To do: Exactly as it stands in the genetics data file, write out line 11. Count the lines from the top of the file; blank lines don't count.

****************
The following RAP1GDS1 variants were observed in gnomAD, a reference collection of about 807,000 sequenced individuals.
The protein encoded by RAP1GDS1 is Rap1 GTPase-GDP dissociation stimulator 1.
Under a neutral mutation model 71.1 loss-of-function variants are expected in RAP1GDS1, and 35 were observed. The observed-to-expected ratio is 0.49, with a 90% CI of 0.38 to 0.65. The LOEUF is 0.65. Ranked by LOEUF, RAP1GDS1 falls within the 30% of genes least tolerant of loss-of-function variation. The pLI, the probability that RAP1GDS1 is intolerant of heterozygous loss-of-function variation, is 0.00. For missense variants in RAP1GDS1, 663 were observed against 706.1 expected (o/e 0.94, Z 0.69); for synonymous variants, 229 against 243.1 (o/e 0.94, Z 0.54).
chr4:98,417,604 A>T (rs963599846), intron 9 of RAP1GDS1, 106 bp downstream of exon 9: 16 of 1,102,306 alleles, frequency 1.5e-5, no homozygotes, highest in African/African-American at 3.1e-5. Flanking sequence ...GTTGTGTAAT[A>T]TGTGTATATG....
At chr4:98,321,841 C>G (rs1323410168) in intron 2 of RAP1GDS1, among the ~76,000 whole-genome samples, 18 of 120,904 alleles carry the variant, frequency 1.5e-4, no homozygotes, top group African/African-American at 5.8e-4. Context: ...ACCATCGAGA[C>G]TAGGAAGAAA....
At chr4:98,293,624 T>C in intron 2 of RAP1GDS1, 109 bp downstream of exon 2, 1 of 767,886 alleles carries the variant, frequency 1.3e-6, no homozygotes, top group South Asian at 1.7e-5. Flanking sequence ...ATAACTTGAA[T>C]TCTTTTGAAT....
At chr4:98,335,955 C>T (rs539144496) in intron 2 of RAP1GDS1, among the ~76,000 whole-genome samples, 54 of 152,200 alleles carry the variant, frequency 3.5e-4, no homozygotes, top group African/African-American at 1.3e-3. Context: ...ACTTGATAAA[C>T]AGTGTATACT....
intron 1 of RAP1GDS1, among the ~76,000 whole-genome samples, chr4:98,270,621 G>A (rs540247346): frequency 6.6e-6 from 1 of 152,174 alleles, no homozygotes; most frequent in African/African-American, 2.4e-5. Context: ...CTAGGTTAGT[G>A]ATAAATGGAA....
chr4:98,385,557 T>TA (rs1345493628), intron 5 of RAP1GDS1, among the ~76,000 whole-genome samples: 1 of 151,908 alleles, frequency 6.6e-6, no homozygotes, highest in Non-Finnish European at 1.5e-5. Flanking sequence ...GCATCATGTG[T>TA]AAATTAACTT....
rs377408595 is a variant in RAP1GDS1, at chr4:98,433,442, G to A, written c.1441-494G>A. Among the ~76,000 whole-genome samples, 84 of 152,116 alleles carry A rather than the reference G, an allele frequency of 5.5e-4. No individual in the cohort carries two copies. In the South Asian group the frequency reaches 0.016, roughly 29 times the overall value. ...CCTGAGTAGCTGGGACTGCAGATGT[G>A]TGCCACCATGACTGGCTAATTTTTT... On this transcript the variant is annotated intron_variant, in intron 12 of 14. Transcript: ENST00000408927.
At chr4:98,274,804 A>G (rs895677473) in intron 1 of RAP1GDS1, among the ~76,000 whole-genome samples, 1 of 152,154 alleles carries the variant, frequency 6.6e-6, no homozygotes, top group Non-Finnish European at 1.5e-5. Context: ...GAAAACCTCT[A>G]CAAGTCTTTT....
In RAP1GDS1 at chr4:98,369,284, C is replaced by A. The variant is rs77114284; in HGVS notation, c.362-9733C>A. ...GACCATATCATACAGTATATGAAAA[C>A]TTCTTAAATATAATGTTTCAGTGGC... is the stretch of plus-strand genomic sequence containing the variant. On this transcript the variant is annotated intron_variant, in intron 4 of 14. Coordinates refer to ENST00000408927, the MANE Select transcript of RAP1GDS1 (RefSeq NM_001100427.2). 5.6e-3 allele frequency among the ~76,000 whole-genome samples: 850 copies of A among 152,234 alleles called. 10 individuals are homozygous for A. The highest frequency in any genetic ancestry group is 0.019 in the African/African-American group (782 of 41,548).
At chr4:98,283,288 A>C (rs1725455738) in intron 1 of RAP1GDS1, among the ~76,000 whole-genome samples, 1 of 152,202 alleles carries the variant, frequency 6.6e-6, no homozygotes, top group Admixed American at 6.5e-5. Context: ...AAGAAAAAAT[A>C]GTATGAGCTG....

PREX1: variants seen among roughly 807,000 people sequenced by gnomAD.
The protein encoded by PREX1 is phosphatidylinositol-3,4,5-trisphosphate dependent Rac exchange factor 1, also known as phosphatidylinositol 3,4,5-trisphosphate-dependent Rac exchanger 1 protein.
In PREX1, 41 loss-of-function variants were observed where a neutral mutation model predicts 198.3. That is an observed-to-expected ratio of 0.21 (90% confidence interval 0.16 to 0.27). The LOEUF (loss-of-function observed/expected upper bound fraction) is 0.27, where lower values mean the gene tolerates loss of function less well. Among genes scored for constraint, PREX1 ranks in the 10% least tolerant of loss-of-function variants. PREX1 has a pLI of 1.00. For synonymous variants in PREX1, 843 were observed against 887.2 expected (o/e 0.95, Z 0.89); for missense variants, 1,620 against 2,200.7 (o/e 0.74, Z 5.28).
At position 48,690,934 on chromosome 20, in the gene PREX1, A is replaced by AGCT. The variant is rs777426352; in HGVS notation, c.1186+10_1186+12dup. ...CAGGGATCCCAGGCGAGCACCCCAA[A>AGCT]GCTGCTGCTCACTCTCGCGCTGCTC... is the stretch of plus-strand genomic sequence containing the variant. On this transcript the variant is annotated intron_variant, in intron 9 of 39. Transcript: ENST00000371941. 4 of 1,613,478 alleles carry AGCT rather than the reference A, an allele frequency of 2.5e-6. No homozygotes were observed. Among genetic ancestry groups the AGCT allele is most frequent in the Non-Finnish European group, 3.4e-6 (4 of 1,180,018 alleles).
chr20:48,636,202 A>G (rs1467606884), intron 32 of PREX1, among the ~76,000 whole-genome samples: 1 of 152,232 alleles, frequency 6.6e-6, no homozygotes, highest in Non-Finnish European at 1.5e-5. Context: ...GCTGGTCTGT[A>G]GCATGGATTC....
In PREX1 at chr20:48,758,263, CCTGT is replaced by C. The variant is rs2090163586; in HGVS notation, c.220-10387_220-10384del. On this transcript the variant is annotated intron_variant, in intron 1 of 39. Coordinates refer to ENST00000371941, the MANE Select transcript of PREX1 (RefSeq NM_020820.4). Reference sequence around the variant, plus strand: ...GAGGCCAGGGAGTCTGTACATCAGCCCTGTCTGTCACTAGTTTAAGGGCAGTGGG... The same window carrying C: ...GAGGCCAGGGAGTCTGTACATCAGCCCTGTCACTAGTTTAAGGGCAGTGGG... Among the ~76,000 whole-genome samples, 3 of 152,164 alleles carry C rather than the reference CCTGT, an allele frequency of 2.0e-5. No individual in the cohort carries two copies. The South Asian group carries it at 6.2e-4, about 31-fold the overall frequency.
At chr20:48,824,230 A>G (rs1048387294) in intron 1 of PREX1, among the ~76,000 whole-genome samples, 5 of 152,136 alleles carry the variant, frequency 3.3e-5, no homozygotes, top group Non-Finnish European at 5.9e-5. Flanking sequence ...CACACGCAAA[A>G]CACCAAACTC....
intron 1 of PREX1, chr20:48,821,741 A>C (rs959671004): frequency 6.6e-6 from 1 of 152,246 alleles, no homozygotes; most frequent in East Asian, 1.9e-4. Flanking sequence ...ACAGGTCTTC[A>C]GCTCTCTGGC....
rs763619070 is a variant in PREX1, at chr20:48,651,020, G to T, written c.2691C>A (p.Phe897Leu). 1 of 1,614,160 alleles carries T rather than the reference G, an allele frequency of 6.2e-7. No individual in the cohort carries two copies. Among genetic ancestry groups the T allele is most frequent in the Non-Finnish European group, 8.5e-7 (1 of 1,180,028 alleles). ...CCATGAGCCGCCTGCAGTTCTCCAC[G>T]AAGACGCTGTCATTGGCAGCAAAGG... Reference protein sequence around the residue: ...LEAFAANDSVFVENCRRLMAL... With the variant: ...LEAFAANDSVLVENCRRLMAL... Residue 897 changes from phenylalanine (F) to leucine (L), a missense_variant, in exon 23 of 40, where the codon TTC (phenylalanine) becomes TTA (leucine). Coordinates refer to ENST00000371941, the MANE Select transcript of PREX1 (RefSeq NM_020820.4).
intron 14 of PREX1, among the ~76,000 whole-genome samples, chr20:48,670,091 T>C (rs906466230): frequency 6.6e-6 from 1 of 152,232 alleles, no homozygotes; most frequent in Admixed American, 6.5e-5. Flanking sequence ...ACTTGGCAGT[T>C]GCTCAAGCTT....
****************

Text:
At chr4:98,274,804 A>G (rs895677473) in intron 1 of RAP1GDS1, among the ~76,000 whole-genome samples, 1 of 152,154 alleles carries the variant, frequency 6.6e-6, no homozygotes, top group Non-Finnish European at 1.5e-5. Context: ...GAAAACCTCT[A>G]CAAGTCTTTT....